Sunday, 12 April 2020

roman missal

Though not feted right now due to the ranking of liturgical days according to the Roman Rite, outside of Eastertide which of course takes precedence, the pontificate of sainted Julius I (†352) is celebrated on this day.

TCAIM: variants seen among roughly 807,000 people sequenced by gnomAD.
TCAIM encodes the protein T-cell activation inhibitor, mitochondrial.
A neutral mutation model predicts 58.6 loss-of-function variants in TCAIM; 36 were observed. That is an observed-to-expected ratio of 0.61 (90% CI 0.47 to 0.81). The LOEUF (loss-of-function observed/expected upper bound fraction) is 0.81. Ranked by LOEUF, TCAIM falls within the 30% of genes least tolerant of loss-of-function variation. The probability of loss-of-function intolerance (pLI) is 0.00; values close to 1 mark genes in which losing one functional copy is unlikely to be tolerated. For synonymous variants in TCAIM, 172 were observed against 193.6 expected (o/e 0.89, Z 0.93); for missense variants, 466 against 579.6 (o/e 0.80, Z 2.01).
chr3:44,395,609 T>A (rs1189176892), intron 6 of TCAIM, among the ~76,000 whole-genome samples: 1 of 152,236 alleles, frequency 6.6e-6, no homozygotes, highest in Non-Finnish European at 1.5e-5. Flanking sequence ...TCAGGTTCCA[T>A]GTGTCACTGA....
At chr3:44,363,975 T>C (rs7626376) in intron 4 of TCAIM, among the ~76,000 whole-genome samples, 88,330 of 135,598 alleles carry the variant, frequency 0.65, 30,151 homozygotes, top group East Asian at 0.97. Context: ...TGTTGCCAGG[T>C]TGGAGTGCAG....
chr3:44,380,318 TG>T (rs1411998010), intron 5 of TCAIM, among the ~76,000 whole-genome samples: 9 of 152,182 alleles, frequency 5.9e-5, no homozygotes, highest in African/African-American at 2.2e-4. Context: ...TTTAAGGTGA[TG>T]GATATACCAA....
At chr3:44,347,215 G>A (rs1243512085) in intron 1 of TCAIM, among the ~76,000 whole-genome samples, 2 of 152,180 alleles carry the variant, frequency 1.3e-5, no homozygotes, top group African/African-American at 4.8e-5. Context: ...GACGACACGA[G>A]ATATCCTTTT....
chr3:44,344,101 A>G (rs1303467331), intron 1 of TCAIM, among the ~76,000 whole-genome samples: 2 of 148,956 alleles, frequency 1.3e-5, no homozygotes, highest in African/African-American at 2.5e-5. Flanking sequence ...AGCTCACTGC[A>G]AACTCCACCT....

While Julius’ theological accomplishments in establishing heterodoxy among articles of faith (see also) regarding the tripartite nature of God carry more weight in terms of Church structure and governance, his most enduring decision took place in 350 when he decreed that that the birth of Jesus should be observed on 25 December—there having been no set date beforehand. Though the most obvious rationale for the choice is probably the correct one—a concession to already established Roman holidays celebrating the solstice and Sol Invictus, there is another explanation rooted in the belief that saints and other noble figures didn’t suffer to survive for only fractions of a year (see also), that their lives would be bookended by nice whole numbers, and hence God pre-ordained these leaders to expire on the anniversary of their conception, the Feast of Passover (Pesach) coming nine months after Christmas.